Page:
Banana and apple sauce are going to be ideal substitutes if you’re looking to replace the moisture that otherwise would have been provided by oil or butter. Just make sure the extra flavor they come with is compatible with the other ingredients of the recipe and you should be fine.
Some more things to keep in mind here are that baking soda and baking powder cannot be interchanged, and usually the same turns out to be the case when it comes to different types of flour. Failing to maintain the right wet to dry ratio, too, may lead to results as explained in the above example.
Making a recipe gluten-free is usually more challenging than other recipe changes, though using a gluten-free bread machine and replacing the gluten without changing the chemistry of the recipe usually gets the job done.
Basically, the idea here is to understand why the ingredient is used in the first place, so that you can replace it with something that’s going to work in a similar way.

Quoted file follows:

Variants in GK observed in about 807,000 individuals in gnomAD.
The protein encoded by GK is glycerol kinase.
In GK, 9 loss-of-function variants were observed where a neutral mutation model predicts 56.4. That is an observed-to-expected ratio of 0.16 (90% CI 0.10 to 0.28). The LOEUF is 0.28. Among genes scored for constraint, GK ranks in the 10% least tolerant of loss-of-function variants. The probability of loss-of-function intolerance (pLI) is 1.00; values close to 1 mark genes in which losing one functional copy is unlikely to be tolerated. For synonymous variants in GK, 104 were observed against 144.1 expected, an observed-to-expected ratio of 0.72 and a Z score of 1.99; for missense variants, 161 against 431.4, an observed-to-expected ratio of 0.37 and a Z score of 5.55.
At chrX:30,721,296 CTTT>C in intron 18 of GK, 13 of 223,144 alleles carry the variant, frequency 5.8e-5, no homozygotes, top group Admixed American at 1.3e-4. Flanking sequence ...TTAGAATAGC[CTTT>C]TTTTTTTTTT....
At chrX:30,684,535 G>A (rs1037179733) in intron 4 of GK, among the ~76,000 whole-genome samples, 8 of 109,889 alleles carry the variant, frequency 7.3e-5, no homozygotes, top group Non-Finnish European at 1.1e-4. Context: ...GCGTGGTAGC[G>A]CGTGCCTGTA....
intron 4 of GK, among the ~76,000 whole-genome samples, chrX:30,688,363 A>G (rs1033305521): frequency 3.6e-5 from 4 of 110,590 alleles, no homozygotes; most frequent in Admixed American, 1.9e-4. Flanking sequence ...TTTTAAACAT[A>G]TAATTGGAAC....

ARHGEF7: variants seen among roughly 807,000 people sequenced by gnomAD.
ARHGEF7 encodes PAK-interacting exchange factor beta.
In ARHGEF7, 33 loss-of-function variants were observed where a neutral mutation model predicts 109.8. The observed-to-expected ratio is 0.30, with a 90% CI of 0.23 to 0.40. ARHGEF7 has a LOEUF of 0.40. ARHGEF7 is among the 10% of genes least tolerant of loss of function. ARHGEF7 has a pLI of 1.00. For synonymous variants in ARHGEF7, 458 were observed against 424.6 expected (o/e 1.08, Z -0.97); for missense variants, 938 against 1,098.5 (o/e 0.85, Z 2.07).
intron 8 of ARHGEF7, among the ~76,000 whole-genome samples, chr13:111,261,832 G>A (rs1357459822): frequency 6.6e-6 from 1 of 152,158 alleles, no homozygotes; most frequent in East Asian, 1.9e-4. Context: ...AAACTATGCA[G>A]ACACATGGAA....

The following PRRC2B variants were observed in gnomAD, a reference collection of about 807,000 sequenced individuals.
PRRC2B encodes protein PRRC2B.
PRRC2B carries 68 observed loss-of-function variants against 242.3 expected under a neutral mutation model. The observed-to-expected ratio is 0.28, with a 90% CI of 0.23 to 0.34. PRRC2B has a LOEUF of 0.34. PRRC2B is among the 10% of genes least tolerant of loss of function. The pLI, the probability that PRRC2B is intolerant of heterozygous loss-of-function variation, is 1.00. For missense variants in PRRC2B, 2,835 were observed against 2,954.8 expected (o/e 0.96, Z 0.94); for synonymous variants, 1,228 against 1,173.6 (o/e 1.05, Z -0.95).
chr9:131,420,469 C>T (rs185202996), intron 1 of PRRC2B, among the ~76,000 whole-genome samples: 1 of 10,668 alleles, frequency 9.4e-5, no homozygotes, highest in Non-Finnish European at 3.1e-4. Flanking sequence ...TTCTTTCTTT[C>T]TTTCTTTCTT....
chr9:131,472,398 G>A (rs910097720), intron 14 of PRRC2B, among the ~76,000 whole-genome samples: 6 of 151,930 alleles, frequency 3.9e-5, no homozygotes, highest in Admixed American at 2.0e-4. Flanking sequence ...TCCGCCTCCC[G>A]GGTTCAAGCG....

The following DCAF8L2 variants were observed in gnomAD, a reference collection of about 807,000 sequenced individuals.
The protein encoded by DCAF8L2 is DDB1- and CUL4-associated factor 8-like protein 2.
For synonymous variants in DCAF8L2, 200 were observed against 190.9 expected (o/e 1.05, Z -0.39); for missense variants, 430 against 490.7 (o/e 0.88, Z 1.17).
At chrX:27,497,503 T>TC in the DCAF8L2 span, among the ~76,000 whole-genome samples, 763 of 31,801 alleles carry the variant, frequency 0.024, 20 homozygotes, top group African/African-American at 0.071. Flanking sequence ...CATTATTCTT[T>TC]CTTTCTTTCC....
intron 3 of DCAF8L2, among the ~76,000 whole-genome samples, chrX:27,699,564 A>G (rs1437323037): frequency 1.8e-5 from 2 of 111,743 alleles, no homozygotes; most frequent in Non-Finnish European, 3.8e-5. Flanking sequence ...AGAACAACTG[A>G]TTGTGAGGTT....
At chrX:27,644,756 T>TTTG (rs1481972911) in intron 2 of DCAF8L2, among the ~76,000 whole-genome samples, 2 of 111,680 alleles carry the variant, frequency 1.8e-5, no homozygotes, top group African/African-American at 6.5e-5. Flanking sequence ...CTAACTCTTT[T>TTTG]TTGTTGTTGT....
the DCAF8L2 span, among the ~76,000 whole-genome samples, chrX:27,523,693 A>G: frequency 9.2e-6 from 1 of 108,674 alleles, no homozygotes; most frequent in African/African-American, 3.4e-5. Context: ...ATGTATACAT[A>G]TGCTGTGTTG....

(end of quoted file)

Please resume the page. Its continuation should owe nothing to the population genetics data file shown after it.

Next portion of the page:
5) Not letting the oven do its job properly
Something that many of us can relate to is opening the oven door every now and then while it’s doing its job. I understand waiting is not easy, especially when you’re cooking something as delicious as Yorkshire pudding.
However, you need to understand that every time you open the oven door, the inside temperature takes a hit. And when you do this again and again, it can lead to uneven cooking.
Usually, it would result in the food having a cracked surface or improper rising. You can avoid this by simply using a timer that goes off a few minutes before the food is set to be cooked perfectly. And if you do have to check whether the cooking is on track or not, you can simply use the oven light that allows you to see the food inside. That’s precisely what it’s there for anyway.
By Joe Hughes
is the perfect accompaniment to this article.